Do No Harm: Stories of Life, Death and Brain Surgery by Henry Marsh
Henry Marsh is an eminent consultant neurosurgeon who’s career has spanned much of the life of the NHS. Each chapter in his book recounts a surgical case or patient who has made a mark in his memory. Whether it’s because they defied the odds, or because things took an unexpected turn of events, Marsh writes about them with such eloquence and respect.
Littered throughout the book however, are side quips in regards to the slowly changing face of medicine throughout his career. The changing structure of medical training is apparent as Marsh laments the lack of camaraderie because of the constant rotating of the younger trainees. He struggles to the remember names of them as they are repeatedly changing.
The stories Marsh tells are touching and bittersweet. They reveal the difficult decisions that face doctors on a day to day basis. Alongside this is the constant interjection from government forces that are stripping away the doctor’s autonomy and slowly chipping away at the core of the NHS. To me, it parallels what is going on with the state of our national health service right now.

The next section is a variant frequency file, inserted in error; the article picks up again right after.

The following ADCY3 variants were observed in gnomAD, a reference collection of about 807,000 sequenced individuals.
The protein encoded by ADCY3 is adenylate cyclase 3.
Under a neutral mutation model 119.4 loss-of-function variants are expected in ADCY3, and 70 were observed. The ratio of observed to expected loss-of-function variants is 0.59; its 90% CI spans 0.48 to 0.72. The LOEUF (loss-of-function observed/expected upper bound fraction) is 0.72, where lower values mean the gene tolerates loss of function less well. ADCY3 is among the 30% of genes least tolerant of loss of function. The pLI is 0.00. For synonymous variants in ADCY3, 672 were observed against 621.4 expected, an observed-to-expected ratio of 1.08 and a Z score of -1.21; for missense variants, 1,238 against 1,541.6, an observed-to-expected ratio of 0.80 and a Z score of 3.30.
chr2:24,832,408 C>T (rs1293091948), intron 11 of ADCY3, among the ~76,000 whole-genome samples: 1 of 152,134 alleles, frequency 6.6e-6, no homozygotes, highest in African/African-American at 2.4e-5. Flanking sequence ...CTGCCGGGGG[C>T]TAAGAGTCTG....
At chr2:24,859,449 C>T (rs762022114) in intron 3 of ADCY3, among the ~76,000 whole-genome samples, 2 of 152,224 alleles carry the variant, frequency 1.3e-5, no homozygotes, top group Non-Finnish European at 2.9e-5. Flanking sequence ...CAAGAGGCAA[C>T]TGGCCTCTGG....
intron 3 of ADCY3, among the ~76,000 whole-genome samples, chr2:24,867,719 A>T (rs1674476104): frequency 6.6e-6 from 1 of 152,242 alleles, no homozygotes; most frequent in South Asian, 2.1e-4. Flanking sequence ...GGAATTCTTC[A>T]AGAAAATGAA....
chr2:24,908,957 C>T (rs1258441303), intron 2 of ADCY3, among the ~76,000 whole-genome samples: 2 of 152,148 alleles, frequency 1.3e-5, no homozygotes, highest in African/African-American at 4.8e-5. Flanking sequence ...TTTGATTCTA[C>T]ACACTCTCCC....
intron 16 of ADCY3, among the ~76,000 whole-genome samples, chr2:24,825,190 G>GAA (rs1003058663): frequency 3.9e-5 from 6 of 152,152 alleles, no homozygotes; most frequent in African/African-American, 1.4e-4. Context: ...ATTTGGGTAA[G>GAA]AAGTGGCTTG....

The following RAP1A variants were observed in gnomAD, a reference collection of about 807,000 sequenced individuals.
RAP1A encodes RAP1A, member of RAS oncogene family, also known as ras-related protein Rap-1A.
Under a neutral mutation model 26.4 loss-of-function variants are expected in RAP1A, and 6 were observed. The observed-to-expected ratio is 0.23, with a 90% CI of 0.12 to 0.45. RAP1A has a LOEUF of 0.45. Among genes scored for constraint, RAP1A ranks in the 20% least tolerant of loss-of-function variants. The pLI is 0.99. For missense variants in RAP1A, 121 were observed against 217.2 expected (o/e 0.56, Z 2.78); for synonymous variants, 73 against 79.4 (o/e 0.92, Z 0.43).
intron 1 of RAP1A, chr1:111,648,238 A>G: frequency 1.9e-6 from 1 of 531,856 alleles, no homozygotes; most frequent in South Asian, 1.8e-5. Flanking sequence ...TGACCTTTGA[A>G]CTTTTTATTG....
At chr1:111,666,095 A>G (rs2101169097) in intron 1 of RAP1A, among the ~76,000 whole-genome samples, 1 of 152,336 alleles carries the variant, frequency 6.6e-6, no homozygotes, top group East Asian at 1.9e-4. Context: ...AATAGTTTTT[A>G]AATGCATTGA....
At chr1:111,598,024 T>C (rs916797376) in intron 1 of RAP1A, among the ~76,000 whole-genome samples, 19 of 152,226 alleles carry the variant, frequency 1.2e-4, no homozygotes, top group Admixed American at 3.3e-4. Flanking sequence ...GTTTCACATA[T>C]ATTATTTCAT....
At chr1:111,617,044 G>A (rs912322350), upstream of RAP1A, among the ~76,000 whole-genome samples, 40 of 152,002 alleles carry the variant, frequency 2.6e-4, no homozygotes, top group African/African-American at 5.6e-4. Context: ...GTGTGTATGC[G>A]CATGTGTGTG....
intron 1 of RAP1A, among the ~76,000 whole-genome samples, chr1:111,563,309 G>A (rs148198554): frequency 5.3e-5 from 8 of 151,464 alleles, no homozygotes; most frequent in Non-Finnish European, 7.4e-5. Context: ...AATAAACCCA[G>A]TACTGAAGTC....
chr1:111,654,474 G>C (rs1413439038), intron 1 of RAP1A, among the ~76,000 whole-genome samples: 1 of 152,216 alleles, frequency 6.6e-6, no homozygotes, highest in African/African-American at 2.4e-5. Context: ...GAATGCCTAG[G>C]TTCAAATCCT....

The first ever full junior doctor walkout in the history of the NHS is taking place today. Thousands of clinics and elective surgeries have been cancelled, and consultants are being drafted in to cover A&E and emergency care wards. As annoyed and angry as I would be if I was one of those patients affected, I am still in full support of the strike. This industrial action isn’t just junior doctors throwing their toys out of the pram because they are not being paid enough. It’s for the future of the NHS. If juniors don’t fight it, other healthcare professionals will be targeted next. I can only hope the government take heed to what the medical profession is trying to say. Junior doctors aren’t asking for the world. They are asking to be treated with respect and listened to fairly.
But then again, if they still insist on forcing through a contract that is unsafe and unfair on 50,000 junior doctors and some 6,000 newly qualified doctors come August, the above passage illustrates my sentiments entirely.